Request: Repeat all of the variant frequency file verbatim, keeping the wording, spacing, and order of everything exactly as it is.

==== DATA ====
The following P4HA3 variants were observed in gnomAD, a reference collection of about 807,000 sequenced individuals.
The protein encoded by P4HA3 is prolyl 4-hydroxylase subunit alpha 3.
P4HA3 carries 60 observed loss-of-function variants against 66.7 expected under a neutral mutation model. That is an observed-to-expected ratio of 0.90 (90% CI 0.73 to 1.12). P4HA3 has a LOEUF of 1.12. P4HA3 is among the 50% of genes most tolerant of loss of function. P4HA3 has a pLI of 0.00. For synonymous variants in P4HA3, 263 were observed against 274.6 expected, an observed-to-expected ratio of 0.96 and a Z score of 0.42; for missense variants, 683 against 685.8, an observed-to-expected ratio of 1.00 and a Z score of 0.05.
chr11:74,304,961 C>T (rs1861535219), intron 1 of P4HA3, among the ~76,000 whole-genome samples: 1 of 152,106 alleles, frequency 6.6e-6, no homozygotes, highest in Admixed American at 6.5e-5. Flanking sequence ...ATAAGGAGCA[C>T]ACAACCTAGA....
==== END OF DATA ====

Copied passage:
The following P4HA3 variants were observed in gnomAD, a reference collection of about 807,000 sequenced individuals.
The protein encoded by P4HA3 is prolyl 4-hydroxylase subunit alpha 3.
P4HA3 carries 60 observed loss-of-function variants against 66.7 expected under a neutral mutation model. That is an observed-to-expected ratio of 0.90 (90% CI 0.73 to 1.12). P4HA3 has a LOEUF of 1.12. P4HA3 is among the 50% of genes most tolerant of loss of function. P4HA3 has a pLI of 0.00. For synonymous variants in P4HA3, 263 were observed against 274.6 expected, an observed-to-expected ratio of 0.96 and a Z score of 0.42; for missense variants, 683 against 685.8, an observed-to-expected ratio of 1.00 and a Z score of 0.05.
chr11:74,304,961 C>T (rs1861535219), intron 1 of P4HA3, among the ~76,000 whole-genome samples: 1 of 152,106 alleles, frequency 6.6e-6, no homozygotes, highest in Admixed American at 6.5e-5. Flanking sequence ...ATAAGGAGCA[C>T]ACAACCTAGA....